THE BEST THING I’VE READ TODAY

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THE BEST THING I’VE READ TODAY

[/vc_column_text][/vc_column][/vc_row][vc_row gap=”10″][vc_column][vc_column_text]The game of baseball is evolving. Over the past decade MLB has implemented a number of rule changes — the universal designated hitter, pitching change limits, extra inning “ghost runners,” etc. — that, when you stack them up on top of each other and throw them into the official rulebook, redefine the way the games plays.

Los Angeles Dodgers pitcher Blake Treinen calls them “trash.”

“When my kids grow up. I want to teach them the same game I grew up playing.”

Has anyone informed Mr. Treinen that more “trash” is coming his way — very soon. The game is moving quickly to adopt the pitchers clock at the MLB level. The league is also working to incorporate an automated strike zone.

MLB Commissioner Rob Manfred argues the changes being implemented will make the game faster, stronger, better.

Has it, made the game better? If so, please define better.

Is faster, better?

What makes baseball better is defined by a number of factors. Baseball — The National Pastime — stood apart from other sports because of its distinctive features.

For example, unlike football, basketball, soccer or hockey, the game was never measured and determined by a clock. It was a distinctive of the game. Notice the use of past tense there. The pitch clock is coming. Period.

Until recently, baseball was the only sport that took into consideration the “human element” of a team or player. Name one other sport that includes errors in its linescore? But MLB sees errors as a weakness. The game is flawed, let’s clean it up. Let’s eliminate the margin of error, whether it’s a blown call or any strategy that will slow down the pace of the game. I mean, come on, pick it up. I don’t have time for all these multiple instances of pitch-catch-pitch-swing-catch-pitch-swing-run-catch over and over and over again. I’ve got selfies to take. A TikTok account to manage. Stop thinking so much and hurry up. I don’t have the patience for this.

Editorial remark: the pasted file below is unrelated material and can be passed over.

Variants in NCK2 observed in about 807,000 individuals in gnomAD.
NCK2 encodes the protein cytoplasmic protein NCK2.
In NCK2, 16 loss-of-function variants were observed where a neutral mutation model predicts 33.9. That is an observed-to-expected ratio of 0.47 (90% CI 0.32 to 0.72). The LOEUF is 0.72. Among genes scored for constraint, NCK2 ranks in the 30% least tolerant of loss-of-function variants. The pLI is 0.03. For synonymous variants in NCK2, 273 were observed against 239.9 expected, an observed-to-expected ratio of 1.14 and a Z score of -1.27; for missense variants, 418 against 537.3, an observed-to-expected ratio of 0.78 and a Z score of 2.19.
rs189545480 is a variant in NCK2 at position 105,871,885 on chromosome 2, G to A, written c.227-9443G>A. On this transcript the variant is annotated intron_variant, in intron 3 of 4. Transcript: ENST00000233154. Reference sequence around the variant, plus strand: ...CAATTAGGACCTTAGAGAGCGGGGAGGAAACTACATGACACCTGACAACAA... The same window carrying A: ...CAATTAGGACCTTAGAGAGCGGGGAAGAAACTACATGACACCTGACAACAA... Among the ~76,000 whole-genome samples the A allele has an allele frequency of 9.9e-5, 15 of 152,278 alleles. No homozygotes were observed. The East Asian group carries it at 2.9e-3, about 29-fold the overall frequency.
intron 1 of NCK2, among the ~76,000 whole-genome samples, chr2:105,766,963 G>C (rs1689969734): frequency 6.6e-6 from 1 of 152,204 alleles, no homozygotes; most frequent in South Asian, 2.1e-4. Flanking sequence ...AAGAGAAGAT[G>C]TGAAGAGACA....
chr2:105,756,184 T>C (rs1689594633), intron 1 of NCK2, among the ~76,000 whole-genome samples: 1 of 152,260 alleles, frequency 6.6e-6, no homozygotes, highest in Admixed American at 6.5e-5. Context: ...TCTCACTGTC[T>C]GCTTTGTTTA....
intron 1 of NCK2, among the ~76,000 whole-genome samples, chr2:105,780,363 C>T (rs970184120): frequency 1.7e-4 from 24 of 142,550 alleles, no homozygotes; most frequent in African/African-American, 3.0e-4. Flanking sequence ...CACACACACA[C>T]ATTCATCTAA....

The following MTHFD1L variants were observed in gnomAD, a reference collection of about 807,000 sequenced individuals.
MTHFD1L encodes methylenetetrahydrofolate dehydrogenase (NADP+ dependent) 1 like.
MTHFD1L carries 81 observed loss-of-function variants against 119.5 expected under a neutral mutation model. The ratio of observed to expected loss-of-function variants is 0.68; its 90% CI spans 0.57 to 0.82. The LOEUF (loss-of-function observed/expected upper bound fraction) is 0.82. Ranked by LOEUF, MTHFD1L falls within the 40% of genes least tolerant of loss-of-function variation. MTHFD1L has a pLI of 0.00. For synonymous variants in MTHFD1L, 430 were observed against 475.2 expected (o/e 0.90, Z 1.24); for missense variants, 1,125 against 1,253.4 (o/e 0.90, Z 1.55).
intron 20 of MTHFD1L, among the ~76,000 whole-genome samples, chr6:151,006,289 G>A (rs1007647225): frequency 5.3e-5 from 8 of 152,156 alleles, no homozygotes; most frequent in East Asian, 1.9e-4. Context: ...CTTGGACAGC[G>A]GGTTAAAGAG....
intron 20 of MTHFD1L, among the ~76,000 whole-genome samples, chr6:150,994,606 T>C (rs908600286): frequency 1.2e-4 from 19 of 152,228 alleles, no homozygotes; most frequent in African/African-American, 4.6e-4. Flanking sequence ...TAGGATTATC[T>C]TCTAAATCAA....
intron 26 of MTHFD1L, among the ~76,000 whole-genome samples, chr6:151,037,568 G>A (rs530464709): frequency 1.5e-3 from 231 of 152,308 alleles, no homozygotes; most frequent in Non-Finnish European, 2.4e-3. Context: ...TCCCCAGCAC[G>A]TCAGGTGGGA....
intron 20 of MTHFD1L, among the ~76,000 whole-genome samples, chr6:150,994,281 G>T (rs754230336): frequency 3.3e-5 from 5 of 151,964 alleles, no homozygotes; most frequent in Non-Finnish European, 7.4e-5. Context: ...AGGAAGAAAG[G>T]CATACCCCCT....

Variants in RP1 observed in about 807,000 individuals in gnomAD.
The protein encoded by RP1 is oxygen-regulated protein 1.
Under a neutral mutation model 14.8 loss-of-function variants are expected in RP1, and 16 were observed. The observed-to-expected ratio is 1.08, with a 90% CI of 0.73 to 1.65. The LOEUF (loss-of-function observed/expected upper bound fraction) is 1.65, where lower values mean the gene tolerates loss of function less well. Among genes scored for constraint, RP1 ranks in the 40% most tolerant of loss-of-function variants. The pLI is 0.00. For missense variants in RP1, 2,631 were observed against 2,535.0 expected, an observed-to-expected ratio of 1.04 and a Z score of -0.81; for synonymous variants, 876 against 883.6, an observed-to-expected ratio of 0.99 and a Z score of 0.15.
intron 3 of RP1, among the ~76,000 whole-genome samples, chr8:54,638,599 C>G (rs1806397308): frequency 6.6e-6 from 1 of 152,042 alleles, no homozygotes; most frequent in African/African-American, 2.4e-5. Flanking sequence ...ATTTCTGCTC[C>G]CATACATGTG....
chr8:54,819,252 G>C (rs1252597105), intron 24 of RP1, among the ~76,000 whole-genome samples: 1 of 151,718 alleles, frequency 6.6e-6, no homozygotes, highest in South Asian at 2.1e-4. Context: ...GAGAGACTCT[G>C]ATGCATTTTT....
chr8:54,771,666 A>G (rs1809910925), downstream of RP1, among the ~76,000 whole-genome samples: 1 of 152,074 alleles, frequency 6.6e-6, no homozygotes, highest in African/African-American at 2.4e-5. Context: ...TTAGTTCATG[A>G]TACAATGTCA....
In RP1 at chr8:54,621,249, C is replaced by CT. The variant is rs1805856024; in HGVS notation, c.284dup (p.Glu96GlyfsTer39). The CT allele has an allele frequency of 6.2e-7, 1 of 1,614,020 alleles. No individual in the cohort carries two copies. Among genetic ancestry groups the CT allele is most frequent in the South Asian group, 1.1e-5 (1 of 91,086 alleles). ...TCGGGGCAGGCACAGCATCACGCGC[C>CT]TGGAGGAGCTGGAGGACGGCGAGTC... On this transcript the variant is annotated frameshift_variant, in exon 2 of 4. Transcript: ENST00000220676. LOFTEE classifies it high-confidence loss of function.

Where is the data that supports this philosophy? Better yet, is there data that supports the changes or is this based on societal “norms” that plays on the emotional trigger of our desire for all things now? I’d like to see that data.

Why has the game changed? Because MLB believes society isn’t interested in sitting down for three hours to watch 10 minutes of action.

Baseball is a chess match, a thinking man’s sport; not a kinetic, rapid fire video game.

Baseball is changing, alright. It is becoming a game that is morphing into a stew of every other sport. Soon, it will become homogeneous and unrecognizable. Well, expect for the small pockets of teens who want to see a real live video game.

I recommend you read the story in today’s L.A. Times, then ask yourself the one question: Is baseball better?[/vc_column_text][/vc_column][/vc_row][vc_row][vc_column][vc_btn title=”READ THE STORY” style=”flat” shape=”square” color=”black” size=”sm” align=”center” link=”url:https%3A%2F%2Fwww.latimes.com%2Fsports%2Fstory%2F2022-05-16%2Fmlb-rules-changes-history-tradition-entertainment-innovation|target:_blank”][/vc_column][/vc_row][vc_row gap=”10″][vc_column][vc_empty_space][/vc_column][/vc_row]

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About the author

John Strubel

Hi. My name is John Strubel. Thanks for visiting my website. I write primarily about my passion: baseball. In addition, I occasionally publish posts and podcasts related to sports media, journalism and technology impacting the industry. You can also connect with me on social media @johnstrubel.

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